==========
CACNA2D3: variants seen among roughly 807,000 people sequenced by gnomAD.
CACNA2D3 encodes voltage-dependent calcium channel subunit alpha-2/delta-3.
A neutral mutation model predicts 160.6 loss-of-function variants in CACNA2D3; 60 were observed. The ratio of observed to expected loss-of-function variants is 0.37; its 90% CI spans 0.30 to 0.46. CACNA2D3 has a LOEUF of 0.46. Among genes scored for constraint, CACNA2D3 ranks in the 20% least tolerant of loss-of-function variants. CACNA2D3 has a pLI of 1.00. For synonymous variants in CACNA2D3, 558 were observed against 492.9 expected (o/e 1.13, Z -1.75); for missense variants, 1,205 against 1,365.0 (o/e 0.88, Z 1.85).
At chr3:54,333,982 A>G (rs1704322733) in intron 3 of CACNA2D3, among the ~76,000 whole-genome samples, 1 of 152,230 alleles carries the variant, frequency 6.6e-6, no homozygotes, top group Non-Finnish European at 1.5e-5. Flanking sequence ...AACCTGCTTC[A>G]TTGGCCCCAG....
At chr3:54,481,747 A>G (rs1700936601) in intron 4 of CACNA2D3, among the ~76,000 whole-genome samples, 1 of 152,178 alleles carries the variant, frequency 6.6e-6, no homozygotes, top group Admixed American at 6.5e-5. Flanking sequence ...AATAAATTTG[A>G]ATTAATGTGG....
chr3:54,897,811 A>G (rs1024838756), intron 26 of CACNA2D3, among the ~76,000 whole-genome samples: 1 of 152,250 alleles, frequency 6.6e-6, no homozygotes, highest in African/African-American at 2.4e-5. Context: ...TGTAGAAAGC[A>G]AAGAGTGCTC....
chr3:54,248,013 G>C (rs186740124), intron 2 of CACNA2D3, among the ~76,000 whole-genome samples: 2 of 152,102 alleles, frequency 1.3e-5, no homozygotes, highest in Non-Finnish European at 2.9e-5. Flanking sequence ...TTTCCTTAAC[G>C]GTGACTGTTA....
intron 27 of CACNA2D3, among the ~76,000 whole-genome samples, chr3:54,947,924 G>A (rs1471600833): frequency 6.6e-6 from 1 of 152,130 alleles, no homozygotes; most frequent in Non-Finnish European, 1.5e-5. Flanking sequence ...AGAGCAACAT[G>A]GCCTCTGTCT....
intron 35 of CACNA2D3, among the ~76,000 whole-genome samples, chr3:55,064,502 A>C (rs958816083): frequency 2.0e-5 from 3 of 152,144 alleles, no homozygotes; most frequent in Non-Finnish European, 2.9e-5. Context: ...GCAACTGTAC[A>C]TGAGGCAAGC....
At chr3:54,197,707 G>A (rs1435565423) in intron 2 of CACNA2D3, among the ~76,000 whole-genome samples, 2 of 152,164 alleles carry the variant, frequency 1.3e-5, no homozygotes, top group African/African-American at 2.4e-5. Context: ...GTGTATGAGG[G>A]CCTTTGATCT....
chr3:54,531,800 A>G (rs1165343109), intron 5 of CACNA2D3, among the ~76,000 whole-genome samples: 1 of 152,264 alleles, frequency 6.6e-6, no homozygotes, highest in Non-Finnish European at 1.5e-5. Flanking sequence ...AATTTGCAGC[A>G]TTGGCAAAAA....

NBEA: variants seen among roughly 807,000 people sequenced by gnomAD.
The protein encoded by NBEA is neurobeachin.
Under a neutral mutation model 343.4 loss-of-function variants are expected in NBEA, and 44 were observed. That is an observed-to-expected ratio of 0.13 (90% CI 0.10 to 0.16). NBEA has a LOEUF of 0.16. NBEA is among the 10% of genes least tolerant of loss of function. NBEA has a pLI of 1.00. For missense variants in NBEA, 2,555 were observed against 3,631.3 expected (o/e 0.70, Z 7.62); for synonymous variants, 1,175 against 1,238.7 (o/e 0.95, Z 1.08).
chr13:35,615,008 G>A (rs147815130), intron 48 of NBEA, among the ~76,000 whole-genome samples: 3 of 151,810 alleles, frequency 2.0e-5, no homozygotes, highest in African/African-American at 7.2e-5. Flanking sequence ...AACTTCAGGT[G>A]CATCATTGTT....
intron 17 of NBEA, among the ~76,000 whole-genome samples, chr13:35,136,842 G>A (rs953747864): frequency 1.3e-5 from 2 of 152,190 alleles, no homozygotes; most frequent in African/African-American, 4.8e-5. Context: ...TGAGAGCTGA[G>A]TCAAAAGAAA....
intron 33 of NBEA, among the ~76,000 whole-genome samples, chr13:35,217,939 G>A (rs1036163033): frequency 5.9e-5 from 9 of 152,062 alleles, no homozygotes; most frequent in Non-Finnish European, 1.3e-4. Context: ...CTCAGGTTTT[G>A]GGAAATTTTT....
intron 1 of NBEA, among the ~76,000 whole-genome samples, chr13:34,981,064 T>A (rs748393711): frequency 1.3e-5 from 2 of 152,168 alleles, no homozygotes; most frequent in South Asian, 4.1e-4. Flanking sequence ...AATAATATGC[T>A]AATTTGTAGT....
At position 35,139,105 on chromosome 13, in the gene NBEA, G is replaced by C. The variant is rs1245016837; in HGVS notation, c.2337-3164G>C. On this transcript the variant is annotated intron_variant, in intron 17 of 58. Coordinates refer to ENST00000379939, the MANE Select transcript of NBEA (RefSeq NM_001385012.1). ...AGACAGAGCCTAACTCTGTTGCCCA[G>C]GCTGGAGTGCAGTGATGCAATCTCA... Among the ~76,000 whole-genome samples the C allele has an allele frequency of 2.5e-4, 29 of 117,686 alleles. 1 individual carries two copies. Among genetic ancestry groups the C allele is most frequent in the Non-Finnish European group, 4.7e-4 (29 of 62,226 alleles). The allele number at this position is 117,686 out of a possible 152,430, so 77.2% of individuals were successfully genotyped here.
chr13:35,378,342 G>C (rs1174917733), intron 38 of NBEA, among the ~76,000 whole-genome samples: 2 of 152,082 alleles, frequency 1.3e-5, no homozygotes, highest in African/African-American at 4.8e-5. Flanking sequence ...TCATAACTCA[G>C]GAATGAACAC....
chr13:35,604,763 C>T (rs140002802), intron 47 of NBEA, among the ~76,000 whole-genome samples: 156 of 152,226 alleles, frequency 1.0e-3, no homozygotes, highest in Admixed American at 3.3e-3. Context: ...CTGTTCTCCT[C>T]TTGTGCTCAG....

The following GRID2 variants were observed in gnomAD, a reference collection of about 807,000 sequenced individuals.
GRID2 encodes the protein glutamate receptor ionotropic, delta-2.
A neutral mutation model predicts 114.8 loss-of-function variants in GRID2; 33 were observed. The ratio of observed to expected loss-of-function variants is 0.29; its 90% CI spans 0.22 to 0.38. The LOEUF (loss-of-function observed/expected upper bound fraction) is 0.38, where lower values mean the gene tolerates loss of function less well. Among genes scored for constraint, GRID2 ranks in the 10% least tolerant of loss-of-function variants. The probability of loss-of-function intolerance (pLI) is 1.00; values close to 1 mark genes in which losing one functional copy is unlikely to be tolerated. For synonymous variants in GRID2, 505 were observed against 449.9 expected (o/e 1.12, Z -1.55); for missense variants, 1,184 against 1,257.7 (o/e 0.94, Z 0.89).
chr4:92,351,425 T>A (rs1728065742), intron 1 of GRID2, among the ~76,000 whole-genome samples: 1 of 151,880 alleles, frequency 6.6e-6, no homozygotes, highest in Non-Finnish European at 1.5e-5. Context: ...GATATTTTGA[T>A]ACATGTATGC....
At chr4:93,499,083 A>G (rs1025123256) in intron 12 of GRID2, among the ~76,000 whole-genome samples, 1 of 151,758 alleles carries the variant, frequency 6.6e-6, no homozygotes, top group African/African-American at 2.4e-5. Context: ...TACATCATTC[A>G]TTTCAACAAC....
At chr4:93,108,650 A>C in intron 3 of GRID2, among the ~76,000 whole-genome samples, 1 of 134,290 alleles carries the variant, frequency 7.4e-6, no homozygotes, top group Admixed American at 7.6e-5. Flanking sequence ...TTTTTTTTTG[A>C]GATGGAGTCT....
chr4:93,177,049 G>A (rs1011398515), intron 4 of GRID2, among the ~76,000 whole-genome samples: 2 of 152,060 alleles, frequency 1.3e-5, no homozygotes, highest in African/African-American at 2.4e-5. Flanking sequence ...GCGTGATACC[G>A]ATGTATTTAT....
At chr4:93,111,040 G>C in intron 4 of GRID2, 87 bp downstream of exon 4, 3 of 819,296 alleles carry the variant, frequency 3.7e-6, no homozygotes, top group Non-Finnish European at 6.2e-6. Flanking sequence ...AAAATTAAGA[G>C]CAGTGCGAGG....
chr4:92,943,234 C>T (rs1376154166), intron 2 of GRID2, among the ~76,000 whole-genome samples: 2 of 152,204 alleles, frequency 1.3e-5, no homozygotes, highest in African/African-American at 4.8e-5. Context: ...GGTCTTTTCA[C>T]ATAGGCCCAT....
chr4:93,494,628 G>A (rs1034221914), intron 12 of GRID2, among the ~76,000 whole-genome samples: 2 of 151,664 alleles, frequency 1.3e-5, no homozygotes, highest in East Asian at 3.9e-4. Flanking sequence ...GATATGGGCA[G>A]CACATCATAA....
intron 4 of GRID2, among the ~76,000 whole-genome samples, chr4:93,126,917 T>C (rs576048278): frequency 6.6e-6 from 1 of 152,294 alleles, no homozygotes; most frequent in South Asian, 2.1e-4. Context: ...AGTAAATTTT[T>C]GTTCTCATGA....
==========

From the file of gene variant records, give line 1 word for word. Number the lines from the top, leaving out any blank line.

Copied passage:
CACNA2D3: variants seen among roughly 807,000 people sequenced by gnomAD.